Yet BMW never stopped offering these chariots—and was even able to convince Cadillac, over time, that wagons are so desirable that the General Motors luxury division will bring out a midsize CTS version in May.
The 535i wagon comes with a beefed-up, 300-horsepower 6-cylinder engine boasting twin turbos for BMW's trademark performance soul.
The wagon also comes with an array of technological magic so complex that the owner's manual devotes 23 pages to mastering the iDrive system that brings it all to life. While wagons generally are aimed at a crowd whose VCRs blink "12:00," BMW equips them with iDrive that caters to the microprocessor crowd.
The wagon excels at carrying people and cargo while being easier to maneuver and much easier to park than a minivan, sport-utility and some crossovers.
But it falls short in fashion. Recognizing this, BMW puts its performance stamp solidly behind the distinctive twin-port grilles.
The 3-liter, twin-turbo, inline 6 guarantees plenty of zip without lag when leaving the light or pulling out to pass. The guts of a sedan, though not the glitter.
With xDrive, plus standard stability and traction control, the wagon is secure on wet or dry pavement and on the straightaways or in the corners and twisties.
One problem, however, is how much 300 h.p. puts performance ahead of mileage: 16 m.p.g. city/24 highway. 'Nuff said?
The cabin is designed for comfort on trips short or long. The center console/armrest separating driver/front passenger stands tall to help hold each in place in aggressive motoring. The rear seat offers good room in all areas but one—tootsie space under the front seats for those in back.
Neat touches include a ski-bag holder and pass-through between rear seat and cargo hold ($900), quick-folding rear seat backs and power tailgate (part of a $2,500 package).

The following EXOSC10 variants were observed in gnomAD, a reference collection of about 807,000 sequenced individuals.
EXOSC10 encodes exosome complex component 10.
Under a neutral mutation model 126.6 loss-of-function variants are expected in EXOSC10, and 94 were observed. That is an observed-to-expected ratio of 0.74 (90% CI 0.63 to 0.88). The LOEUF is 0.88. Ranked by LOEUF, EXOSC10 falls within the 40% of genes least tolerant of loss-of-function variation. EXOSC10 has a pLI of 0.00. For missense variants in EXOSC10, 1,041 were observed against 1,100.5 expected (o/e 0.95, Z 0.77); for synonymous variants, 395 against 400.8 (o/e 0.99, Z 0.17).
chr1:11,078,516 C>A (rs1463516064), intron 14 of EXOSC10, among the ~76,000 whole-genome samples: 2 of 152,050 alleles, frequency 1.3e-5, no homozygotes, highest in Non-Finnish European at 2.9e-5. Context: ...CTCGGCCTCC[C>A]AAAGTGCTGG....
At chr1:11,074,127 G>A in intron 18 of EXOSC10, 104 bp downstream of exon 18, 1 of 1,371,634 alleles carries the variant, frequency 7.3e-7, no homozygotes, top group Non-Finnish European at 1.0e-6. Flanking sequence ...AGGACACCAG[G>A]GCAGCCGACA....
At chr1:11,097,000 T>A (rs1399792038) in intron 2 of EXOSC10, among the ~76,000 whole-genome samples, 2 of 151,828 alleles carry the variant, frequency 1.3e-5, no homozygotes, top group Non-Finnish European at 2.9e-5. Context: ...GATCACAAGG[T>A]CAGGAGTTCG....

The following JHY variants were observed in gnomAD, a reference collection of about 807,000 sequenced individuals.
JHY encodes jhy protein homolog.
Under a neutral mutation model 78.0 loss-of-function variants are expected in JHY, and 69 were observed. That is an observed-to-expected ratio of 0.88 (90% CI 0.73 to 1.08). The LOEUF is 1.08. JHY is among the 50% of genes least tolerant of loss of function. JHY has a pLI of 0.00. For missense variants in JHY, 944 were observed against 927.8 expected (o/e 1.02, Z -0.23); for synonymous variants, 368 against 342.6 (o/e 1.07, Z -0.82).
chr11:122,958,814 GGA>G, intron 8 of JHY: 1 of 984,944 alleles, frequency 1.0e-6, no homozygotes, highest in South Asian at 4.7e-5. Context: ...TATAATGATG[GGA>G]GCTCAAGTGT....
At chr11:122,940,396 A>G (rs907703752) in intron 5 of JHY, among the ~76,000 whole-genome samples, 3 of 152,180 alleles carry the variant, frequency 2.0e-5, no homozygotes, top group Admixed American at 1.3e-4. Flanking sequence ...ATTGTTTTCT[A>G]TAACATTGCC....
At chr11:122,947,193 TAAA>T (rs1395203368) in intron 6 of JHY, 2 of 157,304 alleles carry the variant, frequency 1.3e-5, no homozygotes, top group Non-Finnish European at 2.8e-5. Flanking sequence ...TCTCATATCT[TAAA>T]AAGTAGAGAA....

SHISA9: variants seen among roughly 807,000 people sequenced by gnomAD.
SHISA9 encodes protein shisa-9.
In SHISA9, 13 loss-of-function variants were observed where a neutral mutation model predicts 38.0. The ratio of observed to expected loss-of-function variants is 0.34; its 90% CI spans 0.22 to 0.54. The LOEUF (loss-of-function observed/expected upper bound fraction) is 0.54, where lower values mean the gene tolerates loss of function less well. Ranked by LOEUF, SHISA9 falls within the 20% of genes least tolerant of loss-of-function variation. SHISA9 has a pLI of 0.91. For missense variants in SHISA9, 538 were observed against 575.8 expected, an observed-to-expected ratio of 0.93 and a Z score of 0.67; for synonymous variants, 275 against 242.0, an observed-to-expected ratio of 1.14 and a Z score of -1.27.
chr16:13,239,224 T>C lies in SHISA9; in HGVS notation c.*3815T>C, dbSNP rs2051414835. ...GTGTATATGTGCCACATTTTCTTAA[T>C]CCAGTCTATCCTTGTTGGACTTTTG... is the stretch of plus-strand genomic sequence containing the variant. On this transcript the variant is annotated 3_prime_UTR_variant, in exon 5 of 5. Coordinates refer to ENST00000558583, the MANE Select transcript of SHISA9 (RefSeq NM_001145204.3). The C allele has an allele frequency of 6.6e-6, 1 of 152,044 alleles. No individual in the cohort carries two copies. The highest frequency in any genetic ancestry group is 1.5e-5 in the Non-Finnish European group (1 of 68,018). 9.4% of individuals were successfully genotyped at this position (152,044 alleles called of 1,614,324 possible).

A section of the cargo floor lifts to expose a divided area to keep packages in place, while the cargo wall has pull-down grocery bag hooks, power plug and compartment for first-aid kit. A pull-out shade hides cargo, and a pull-up net slips into roof holders to provide a haven for your pet. Attach the net only from the rear of the wagon—and win entry into the Guinness Book if you do it in one try.
Other goodies include a cell-phone cradle and iPod/USB adapter ($400) under the center armrest and cupholders that slip out of the dash at the push of a button (only one did). Oh, and when the car is locked from the outside, buttons to unlock it are disabled inside, so a thief who manages to get in can't use the door to get out.
The wagon starts at $55,800 with power sunroof, AM/FM stereo with CD/MP3 player audio system, rain-sensing wipers, Bluetooth phone technology, anti-lock brakes and iDrive.
Then get out your checkbook for the host of options: night vision to show anything that gives off heat—animals, people or other vehicles—in or along the road at night or in rain/fog ($2,200); lane-departure warning that beeps if you wander into another lane ($950); active cruise control that beeps and applies brakes as you close in on the vehicle ahead ($2,400); navigation system ($1,900); head-up display that projects vehicle speed and distance to major crossroads in the windshield ($1,200); park-distance control with ultrasonic sensors in front/rear bumpers to beep when cutting it too close when parallel parking ($750); and multicontour seats that adjust side bolsters to occupants ($1,200).
The wagon could do with fewer of these costly options and a few more buttons/knobs to replace iDrive, which makes the simple things too complex.
Read Jim Mateja every Sunday in Rides. Contact him at firstname.lastname@example.org